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Focus features two in-depth reviews each month of fine art, architecture and design exhibitions and events at art museums, galleries and alternative spaces around Japan. The contributors are non-Japanese residents of Japan.

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image image After the Deluge: The Show Goes On at Aichi Triennale 2019
Colin Smith
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Ugo Rondinone, vocabulary of solitude (2016), installation view at Aichi Triennale 2019. Visitors are welcome to lounge among the clowns. Photo by Tetsuo Ito

In Japan, even those who don't follow art have heard about Aichi Triennale 2019 because of controversy that erupted over one section (one work, really) right after it opened on 1 August. While publicity is always good, there is far more to this international contemporary art festival than the section (currently closed) that sparked the media frenzy. In this writer's opinion, this fourth Aichi Triennale is the best so far (and only open for two more weeks -- do not delay!), and while a member of the organizing committee says the stir has had little net impact on the number of visitors, one hopes the wide recognition the festival inadvertently gained will help it grow and prosper in the future.

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James Bridle, Drone Shadow (2019), installation view at Aichi Triennale 2019. Easy to miss on the ground, so look for an upper-floor window to get a bird's-eye view. Photo by Tetsuo Ito

We'll return to the controversy later, but as to what's now on view: At the main venue, the Aichi Arts Center, highlights include Ugo Rondinone's vocabulary of solitude (2016), a large room full of life-sized clowns whose gaudy costumes amusingly contrast with poses and expressions of fatigue and ennui. A number of works employ or address new technologies, including Heather Dewey-Hagborg's Stranger Visions (2012-13), a series of 3D-printed portraits of strangers based on DNA samples collected from street detritus, as well as several video installations like Gabin Ito's immersive, satirical Modern Fart: Inaugural Issue (2019) and Yuan Goang-Ming's eerie drone-shot Everyday Maneuver (2018), showing downtown Taipei completely deserted during an air-raid drill. Speaking of drones, James Bridle's Drone Shadow (2019), a life-sized silhouette of an RQ-4 Global Hawk, takes a little finding -- it's on the ground outside the Arts Center, but look out a window from one of the top floors. There is also engaging abstract work by Yukari Bunya, Yohei Imamura, and Amanda Martinez. This last consists of enigmatic, monochromatic resin-cast pieces with repeated, textured patterns, which a staff member at Art Playground TALK -- a zone where visitors can chat freely with staff about the art, one of the festival's five Art Playgrounds -- says are often asked about.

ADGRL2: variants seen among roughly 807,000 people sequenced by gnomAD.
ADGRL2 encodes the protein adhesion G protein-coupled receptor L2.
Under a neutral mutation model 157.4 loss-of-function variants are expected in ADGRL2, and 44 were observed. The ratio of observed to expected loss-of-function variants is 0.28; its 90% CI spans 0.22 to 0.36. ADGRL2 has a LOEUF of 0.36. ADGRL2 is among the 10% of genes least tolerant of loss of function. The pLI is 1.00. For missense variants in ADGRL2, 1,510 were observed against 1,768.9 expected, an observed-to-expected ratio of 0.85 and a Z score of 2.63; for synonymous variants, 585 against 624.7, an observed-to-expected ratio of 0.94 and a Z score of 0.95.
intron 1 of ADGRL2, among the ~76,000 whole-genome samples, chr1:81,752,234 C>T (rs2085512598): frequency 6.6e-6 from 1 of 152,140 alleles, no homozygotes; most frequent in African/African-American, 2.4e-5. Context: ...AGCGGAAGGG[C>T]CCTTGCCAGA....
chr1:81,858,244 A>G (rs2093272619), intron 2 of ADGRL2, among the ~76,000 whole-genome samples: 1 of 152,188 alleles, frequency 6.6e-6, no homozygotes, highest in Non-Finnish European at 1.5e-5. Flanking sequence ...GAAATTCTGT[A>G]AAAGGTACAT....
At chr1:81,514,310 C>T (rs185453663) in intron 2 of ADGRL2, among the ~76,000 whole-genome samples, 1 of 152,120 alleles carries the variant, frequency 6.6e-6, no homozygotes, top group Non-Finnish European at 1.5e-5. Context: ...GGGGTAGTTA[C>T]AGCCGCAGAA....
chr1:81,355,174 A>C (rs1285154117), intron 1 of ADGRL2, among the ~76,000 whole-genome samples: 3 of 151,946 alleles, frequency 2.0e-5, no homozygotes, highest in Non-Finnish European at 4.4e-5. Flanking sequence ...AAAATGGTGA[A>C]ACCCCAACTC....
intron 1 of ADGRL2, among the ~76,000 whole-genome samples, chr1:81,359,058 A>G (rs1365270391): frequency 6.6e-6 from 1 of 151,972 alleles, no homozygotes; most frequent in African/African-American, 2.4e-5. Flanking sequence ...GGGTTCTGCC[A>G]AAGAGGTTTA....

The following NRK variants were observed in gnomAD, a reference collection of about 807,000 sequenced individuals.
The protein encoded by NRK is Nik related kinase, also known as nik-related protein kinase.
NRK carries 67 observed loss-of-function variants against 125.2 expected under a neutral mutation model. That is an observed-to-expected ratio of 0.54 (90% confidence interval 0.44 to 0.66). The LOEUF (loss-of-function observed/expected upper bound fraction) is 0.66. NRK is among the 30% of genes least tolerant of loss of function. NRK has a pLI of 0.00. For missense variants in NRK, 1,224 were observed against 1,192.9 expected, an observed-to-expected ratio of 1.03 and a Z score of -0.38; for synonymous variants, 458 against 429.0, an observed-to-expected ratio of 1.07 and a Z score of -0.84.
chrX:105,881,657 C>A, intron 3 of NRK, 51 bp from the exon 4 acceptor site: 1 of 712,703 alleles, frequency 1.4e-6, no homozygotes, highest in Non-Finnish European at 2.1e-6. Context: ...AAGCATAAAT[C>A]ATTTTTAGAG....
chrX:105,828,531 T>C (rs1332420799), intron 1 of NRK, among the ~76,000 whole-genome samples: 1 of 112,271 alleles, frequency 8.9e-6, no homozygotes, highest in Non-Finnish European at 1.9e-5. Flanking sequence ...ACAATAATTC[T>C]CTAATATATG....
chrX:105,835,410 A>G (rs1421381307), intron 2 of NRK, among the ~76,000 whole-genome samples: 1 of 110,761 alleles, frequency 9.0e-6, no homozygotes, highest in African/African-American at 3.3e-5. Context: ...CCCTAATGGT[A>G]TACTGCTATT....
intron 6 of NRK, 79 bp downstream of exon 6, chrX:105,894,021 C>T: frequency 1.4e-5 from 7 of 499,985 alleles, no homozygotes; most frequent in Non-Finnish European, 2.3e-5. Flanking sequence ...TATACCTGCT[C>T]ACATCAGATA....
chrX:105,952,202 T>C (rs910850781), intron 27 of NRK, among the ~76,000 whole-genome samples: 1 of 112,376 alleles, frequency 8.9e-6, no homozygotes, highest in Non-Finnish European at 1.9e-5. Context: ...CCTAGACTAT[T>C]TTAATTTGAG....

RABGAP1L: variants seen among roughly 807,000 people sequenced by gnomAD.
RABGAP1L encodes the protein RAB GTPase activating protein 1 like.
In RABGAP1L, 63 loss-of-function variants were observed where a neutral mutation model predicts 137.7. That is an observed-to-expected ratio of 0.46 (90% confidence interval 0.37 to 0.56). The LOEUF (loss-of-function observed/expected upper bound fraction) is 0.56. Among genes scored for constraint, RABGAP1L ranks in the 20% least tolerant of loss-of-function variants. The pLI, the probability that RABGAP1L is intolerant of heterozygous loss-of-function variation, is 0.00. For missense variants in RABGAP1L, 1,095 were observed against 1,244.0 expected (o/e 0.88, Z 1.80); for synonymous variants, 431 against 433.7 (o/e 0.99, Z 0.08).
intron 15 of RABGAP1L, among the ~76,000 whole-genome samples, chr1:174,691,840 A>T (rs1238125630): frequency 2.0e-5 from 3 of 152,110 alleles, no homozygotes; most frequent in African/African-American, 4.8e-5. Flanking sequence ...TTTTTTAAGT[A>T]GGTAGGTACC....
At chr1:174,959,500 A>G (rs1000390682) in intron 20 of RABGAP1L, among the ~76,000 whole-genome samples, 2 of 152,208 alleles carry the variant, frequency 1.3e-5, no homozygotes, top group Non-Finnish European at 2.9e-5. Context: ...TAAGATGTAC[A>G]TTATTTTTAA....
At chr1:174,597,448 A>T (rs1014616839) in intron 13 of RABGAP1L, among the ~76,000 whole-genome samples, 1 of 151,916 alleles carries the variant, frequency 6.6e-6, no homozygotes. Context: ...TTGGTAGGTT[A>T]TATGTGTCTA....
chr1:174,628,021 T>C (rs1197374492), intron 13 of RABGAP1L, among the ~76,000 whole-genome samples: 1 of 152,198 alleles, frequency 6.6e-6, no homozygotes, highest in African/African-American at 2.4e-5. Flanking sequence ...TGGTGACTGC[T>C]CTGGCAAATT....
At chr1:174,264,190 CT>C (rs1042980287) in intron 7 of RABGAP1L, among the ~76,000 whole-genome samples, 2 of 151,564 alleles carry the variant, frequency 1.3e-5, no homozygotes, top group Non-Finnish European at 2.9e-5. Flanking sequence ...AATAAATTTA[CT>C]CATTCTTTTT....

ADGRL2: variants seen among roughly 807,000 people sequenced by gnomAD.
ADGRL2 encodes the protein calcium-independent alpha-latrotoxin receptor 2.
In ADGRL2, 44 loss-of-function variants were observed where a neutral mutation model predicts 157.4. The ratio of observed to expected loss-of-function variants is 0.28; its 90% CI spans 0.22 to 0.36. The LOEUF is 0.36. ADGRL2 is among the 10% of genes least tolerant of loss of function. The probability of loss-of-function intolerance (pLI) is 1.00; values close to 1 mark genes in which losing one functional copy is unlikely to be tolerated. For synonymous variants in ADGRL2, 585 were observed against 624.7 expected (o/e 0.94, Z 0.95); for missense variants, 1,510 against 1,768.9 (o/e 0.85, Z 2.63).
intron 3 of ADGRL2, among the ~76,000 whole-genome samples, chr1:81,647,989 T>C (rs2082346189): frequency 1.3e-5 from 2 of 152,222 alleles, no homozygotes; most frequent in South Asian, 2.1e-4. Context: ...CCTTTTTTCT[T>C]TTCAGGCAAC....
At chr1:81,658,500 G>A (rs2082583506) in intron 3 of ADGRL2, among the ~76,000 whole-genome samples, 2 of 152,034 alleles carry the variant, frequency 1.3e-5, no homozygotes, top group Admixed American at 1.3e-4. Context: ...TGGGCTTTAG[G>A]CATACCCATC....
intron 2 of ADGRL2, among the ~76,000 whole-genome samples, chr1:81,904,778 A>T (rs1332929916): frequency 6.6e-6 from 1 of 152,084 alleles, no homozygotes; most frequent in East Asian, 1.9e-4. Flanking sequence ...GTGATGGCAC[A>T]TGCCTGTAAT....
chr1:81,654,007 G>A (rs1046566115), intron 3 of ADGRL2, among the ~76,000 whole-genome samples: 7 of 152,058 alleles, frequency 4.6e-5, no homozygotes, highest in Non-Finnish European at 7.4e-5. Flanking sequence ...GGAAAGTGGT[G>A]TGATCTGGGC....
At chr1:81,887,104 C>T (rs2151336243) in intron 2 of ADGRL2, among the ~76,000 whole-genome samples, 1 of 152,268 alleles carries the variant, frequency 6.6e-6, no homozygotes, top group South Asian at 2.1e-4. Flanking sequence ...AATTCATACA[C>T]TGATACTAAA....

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Yukari Bunya, looking at the vacant scenery (2017-2019), installation view at Aichi Triennale 2019. Bunya's compelling drawings capture the intangible in pure line. Photo by Tetsuo Ito

Arrive early, and there's time to see everything in Nagoya in a day. Head from the Aichi Arts Center to the nearby Nagoya City Art Museum, then make the rounds of Shikemichi and Endoji, neighborhoods with the city's oldest shopping arcade and many historic buildings (rare in Nagoya), where art installations in spaces like the Ito Residence and the Nagono 1-Chome and 2-Chome Tenement Houses are open into the evening. It's a particularly successful endeavor to bring art out of the conventional "white cube" and into a community and present it in unique architectural spaces.

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Tadasu Takamine, Anti-thesis: Gazing up at the endless blue // stained forever by its color // I have ceased to be myself (2019), installation view at Aichi Triennale 2019. A defunct high-school pool undergoes a metamorphosis in this site-specific work. Photo by Takeshi Hirabayashi

To get to sites in Toyota City as well as in Nagoya might require staying overnight. In Toyota you'll find site-specific works in intriguing locations, including Tadasu Takamine's elegant transformation of part of an old swimming pool at the Former Toyota Higashi High School into a weathered Minimalist sculpture, and Ho Tzu Nyen's six-channel video installation on kamikaze pilots at Kirakutei, an inn and restaurant where they used to enjoy a last supper before missions.

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Ho Tzu Nyen, Hotel Aporia (2019), installation view at Aichi Triennale 2019. One of several explorations of wartime history that are still on view. Photo by Takeshi Hirabayashi